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2.7 - Program Flow

Java programming language like the most of programming languages execute one statement at at a time, sequentially from to top to down. This is suitable for some programs, like the example below.

Linear Flowchart

2.7-Image - 1 - Program with a linear flow.

This program has a simple task, read the angle value, compute the sinus of the angle, display the result and exit. However, programs are not calculators, often they have alternative paths for execution.

Execution of alternative program steps instead of the normal candidate in the sequentual top to down queue is called program branching. Branches of a program are alternative program steps. When branched, Java programs execute all the statements in the branch and after terminating all the program steps of the branch, they return to the normal top-to-down program path and execute the next statement after the the branching ststement.

A program may not branch by itself, there should be some impulse to force for diverting a program from its normal top-to-down execution path.

Historically, goto statements were used for altering the normal flow of a program. ın BASIC or FORTRAN, statements may be labeled by arbirtary line numbers not even by increasing order. Program flow may be guided to these labeled program lines by GO TO statements. This is called program jump, after execution of some number of jumps, it may be very difficult if not impoosible to follow the flow of the program. This is called a spaghetti program because it is confusing .for any one trying to read this program. Java has a reserved word goto, but it is not in use and therefore there is no possibility to produce spaghetti programs with Java.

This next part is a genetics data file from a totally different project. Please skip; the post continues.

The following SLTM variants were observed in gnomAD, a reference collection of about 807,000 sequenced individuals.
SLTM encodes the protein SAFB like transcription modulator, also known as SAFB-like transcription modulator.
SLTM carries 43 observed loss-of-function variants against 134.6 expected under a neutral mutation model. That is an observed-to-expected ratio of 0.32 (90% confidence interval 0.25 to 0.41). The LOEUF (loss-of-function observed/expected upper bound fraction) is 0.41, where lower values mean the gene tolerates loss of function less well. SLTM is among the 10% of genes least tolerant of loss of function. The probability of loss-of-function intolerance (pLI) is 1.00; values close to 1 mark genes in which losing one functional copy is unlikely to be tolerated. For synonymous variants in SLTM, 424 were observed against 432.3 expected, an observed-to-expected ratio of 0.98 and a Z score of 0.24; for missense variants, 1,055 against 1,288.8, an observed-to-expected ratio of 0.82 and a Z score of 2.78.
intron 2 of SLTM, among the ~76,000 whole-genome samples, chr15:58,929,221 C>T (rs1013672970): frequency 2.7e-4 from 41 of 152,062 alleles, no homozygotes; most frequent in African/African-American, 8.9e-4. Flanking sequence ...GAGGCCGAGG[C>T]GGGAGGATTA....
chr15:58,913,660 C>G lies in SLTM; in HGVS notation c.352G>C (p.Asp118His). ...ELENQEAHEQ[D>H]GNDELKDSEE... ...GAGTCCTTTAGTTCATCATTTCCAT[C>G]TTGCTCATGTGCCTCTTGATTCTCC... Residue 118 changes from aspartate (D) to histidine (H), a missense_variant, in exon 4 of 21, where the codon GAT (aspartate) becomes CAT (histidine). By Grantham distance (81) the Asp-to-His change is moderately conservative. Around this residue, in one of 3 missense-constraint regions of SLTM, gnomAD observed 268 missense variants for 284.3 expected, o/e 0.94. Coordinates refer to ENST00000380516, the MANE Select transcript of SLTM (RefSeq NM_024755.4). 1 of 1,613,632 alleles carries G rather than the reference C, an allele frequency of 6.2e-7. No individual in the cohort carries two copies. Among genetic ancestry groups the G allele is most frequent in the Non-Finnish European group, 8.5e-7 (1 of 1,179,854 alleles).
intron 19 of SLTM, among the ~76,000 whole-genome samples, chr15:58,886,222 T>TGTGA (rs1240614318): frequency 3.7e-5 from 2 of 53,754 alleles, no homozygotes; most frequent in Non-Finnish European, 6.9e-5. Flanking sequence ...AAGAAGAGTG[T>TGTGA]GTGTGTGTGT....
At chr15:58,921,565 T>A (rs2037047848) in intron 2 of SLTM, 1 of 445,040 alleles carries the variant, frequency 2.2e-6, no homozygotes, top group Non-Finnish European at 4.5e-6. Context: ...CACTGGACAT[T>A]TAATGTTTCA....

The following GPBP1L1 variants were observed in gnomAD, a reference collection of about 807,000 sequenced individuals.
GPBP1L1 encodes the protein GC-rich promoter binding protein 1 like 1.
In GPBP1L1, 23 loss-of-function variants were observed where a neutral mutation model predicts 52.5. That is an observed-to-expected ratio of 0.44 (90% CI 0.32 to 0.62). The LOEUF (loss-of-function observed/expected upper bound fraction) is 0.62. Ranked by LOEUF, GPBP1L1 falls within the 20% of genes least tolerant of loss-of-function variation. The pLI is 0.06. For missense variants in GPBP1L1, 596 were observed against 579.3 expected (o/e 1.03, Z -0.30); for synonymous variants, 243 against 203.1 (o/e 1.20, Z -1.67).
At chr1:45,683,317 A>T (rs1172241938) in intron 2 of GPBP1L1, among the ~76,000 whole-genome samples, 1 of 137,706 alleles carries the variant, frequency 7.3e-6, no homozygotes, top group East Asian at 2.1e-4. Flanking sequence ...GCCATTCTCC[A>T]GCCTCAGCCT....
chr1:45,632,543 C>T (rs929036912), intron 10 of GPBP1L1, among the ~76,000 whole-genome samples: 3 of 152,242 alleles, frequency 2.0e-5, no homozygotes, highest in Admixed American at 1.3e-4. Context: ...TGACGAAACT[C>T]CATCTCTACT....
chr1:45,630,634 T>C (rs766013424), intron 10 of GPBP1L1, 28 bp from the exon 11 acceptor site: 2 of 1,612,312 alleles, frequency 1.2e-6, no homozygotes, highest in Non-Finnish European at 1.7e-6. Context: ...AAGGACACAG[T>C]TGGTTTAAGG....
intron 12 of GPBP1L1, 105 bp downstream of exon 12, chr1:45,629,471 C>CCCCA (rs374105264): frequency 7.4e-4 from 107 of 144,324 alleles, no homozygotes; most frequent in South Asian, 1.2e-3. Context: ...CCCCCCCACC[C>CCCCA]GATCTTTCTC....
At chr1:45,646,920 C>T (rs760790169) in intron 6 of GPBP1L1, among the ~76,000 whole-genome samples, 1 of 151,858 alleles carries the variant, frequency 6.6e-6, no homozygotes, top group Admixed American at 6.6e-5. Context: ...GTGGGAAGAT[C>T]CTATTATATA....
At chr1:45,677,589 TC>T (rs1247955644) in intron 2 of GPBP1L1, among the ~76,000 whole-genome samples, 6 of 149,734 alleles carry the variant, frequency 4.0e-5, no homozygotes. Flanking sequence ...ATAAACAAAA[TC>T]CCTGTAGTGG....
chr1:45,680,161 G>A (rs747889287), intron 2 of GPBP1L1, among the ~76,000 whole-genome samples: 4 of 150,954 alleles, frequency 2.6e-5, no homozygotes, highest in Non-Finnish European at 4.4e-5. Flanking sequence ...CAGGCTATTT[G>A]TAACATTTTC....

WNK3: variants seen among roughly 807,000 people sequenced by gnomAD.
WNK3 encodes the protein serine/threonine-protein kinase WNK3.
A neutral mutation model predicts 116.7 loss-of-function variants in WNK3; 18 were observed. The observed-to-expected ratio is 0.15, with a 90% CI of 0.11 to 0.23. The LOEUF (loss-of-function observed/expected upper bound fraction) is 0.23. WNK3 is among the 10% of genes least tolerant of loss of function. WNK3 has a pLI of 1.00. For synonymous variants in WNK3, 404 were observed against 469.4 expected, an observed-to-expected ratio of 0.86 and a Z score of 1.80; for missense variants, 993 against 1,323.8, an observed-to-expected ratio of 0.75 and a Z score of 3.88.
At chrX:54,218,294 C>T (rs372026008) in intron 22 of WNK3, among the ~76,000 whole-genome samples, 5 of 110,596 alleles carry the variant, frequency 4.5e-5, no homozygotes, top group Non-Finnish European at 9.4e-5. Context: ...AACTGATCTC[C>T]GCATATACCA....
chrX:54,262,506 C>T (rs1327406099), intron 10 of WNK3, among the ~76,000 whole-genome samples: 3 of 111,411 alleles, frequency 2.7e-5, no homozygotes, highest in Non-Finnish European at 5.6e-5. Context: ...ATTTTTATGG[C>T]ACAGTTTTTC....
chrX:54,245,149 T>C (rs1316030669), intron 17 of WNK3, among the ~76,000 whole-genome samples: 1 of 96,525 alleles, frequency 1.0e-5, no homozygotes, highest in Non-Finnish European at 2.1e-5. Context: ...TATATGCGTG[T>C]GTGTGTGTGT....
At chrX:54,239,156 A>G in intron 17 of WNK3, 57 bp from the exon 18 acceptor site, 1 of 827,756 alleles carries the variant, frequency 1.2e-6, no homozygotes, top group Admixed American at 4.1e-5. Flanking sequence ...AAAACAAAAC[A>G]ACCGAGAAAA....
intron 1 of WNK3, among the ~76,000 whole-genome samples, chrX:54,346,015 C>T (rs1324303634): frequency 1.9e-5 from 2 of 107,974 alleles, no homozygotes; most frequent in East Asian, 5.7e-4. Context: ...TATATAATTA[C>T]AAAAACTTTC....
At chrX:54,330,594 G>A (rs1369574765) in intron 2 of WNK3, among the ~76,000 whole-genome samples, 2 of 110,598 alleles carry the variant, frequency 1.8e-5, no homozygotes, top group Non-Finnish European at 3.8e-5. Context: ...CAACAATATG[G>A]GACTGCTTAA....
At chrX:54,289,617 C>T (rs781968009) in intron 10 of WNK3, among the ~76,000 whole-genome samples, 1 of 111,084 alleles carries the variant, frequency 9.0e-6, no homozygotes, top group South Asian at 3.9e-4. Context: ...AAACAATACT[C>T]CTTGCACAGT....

Another way to induce the diversion of the program flow is to rely some boolean flags to a program flow control In this way, the program will always branch according to the affirmation of the boolean variable. If the value of the boolean variable is true, the program will branch to a new statement or to a statement block. Otherwise, the program will continue to his top-to-down course. This is called logical prgram branching. In logical program branching no user intervention may be exerted for diverting the program flow from its normal course. Only the conditions which alter the value of the logical program deflector may turn the direction of the program flow.

Logical program flow is of course the only way to go for a modern programmer. In java programming language, there is several statements which may set-up logical program diversion. The basic statement used for program branching in Java is if statement.

2.7.1 - If statement

If statement is applied in most basic form as,

if (boolean expression) statement

In this simple form only one statement is executed. The boolean expression which controls the if, may be a simple logical expression or a very complex one but by all means it should resolve to true or false , only these two boolean values and not any integer like some other programming languages. In previous section we have introduced many boolean forms which will result to true or false, all are suitable for controling the if statements.